Phones are running old Linux kernels

The Linux kernel evolves constantly and +Linus Torvalds​ is the person who makes the new versions by deciding which new code makes it or not.
The current Linux stable release is Linux 4.3, from November 1st 2015.
Linux 4.4 is in development of course, this is an constant process.

Android phones and other embedded devices are usually not running the latest and greatest however.
Take for example Android device:
Which kernel is yours running?

Linux 3.0: 21 July 2011
Linux 3.4: 20 May 2012
Linux 3.10: 30 June 2013

Right here I have Nexus phones and tablets running all of these.
– Nexus S doesn't receive any update anymore since Android 4.1.2: Linux 3.0
– Nexus 5 and Nexus 7 2013, each running latest Marshmallow: Linux 3.4
– Nexus 9, latest Marshmallow: Linux 3.10

Even the newest one is 2.5 years old: how comes?
The article and its comments develop on that.

Discussion on Hacker News:

#supercurioBlog #Linux

Running a mainline kernel on a cellphone []
One of the biggest freedoms associated with free software is the ability to replace a program with an updated or modified version. Even so, of the many millions of people using Linux-powered phones, few are able to run a mainline kernel on those phones, even if they have the technical skills to …

Source post on Google+

Published by

François Simond

Mobile engineer & analyst specialized in, display, camera color calibration, audio tuning

9 thoughts on “Phones are running old Linux kernels”

  1. I'm to lazy to look at the time tables. But I suspect they use the kernels that were current or close to current at least when they start the work on the bring up for that hw platform.

    And not each device hw. But the underlying hw platform. Krait 200/ 300. Or fusion 2 / 3.

    Start to he work once the chip is taped out. Bring up the BSP. Optimize at OEM level yadda yadda and it stays on that codebase for the life of device. At least that's my thoughts from a far. From a very far.

  2. A few people on +reddit asked about why and what explains how kernel versions end-up being so old so here's my theory:

    It appears there is a substantial shift in how Linux as it is shipped to users is developed today.

    All smartphones and embedded devices rely on huge blobs, starting with the crucial piece that is the GPU driver, accompanied with other platform-specific drivers.
    A lot of the rest is written with the idea that it will be thrown-away quickly, with only requirement the need to function during the year or so the device will be sold to customers and updated before being forgotten by everyone.
    That's instead of aiming at durable design & code build to last within a bigger subsystem, can be maintained, receive fixes and improvements virtually endlessly in mainline Linux.

    What's wrong with that?
    Well, we can't complain, there's a large diversity of Linux-based, Android or not devices to choose from at any time, ever-evolving in their features and capabilities.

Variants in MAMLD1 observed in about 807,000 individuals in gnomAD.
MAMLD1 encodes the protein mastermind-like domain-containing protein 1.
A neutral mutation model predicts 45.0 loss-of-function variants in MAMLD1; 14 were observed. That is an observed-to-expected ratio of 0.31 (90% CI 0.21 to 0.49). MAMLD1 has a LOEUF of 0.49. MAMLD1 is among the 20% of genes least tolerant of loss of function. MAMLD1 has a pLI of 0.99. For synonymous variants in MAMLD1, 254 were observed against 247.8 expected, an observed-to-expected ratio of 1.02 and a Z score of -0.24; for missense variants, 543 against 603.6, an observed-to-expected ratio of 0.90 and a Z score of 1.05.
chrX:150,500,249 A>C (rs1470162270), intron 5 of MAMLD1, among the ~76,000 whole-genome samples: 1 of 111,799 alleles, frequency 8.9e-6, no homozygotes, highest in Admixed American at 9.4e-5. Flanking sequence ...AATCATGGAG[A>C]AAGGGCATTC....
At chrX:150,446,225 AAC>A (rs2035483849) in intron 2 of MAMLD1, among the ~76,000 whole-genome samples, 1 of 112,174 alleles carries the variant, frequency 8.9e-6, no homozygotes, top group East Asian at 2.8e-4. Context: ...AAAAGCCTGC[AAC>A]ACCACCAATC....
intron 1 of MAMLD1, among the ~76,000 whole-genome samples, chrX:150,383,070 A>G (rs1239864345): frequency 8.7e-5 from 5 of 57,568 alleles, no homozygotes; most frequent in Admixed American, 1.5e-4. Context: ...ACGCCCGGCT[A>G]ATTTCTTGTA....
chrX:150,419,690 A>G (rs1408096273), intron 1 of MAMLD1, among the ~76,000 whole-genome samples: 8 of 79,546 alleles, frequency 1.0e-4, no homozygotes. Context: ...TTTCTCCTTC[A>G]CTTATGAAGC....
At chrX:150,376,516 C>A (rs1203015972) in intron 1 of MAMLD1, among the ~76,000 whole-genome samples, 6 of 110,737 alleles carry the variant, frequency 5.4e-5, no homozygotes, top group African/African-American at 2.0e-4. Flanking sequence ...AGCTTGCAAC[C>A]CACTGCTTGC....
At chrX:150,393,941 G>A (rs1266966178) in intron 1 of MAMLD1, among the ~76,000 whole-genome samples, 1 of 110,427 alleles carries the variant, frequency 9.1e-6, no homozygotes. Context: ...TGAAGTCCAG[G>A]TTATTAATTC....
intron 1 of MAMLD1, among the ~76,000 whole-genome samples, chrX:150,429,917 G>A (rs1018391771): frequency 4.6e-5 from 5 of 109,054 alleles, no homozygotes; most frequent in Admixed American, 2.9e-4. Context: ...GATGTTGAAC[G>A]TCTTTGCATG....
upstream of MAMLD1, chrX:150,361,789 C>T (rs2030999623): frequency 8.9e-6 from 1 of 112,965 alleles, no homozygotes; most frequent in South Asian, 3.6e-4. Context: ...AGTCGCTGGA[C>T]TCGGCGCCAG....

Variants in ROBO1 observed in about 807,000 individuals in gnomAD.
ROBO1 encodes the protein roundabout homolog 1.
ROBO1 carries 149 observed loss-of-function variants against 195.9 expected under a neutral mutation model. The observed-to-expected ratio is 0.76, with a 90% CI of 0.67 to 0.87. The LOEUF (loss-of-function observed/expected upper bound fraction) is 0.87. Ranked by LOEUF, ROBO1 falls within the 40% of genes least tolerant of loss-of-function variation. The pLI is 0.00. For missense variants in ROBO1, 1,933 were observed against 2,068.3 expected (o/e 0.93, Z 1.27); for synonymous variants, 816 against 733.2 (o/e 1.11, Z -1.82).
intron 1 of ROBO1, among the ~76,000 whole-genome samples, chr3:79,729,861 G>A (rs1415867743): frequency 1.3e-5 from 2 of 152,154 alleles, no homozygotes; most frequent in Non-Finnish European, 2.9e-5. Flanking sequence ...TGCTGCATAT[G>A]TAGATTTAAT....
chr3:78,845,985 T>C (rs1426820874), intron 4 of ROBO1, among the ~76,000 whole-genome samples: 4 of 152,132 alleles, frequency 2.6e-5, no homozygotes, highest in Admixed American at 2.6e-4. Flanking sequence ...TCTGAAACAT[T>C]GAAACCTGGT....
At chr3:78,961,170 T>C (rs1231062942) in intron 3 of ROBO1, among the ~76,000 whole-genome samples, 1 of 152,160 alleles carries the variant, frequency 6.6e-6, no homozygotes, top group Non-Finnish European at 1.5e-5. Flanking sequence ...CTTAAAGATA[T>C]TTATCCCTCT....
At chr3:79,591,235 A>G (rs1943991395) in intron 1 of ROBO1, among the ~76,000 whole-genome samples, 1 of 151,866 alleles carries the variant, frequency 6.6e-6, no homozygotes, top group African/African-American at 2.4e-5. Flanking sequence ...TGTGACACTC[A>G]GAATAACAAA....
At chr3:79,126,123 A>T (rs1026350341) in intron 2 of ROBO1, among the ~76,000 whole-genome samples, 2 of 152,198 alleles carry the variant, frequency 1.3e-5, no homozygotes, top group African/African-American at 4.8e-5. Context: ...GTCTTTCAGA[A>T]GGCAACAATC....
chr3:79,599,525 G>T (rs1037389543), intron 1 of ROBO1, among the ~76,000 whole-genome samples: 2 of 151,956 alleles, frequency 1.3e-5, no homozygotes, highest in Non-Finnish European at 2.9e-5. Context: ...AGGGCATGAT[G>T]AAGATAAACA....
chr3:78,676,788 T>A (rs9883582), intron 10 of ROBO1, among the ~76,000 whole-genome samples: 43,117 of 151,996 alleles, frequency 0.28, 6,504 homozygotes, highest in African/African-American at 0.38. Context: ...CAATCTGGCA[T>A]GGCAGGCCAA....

And they work. Maybe not everything is as optimized as it could be but most perform their function with reasonable performance and reliably.
    So it appears to be a good system.

    But there are a few issues still:

    – Primarily, there is a huge amount of waste, due to duplication of efforts by each vendor maintaining their own kernel. Efforts that serve only a short-term purpose.

    – A very large part of kernel development never reaches mainline Linux, and Linux doesn't benefit back in contributions from the ever-increasing amount of professionals relying on the Kernel.
    Linux is a collaborative project by excellence, but it's broken here.

    – Keeping 2+ years old phones working and secure including kernel-side is an almost impossible task for two main reasons
    * Their kernels are not maintained by anyone anymore, and the amount of work required to back-port all necessary security fixes for known exploits + bug fixes that can have an impact on security is a task of extreme complexity.
    * Forward-porting manually the platform-specific code to a newer kernel version or mainline is also an extremely complex task.

    – Eventually, the massive, constant waste and lack of incentive to work together for hardware vendors for everyone's benefit has a substantial cost. The cost is borne by both manufacturers and customers.
    It probably increases the revenue of companies like Qualcomm however, who as a result are not too motivated to change the current situation.
    I'm really speculating here but at that point I imagine that it is in part this waste that explains how Apple can make 95+% of the profit in the mobile industry while Android manufacturers make only little (in comparison), none or negative profit.

    Since Linux mainline won't receive much contribution from mobile vendors who focus on old kernel versions, it's likely they won't take as priority tackling this problem.
    Since hardware vendors get a better cut if they can lock-in customers, it seems unlikely they will desire to change how things are today.

    Does that mean that Android devices will forever stay stuck on Linux 3.10?
    Possibly Google is in the best position to push for a change here for the good of the ecosystem, although it's not in their interest either to annoy those who make the most money from Android.

  3. Simple reason for this is that there is a big part of the kernel code base for Android that is not in the current kernel. Eventually this part will be merged into the mainline, but until then we are stuck with what is released by Google.

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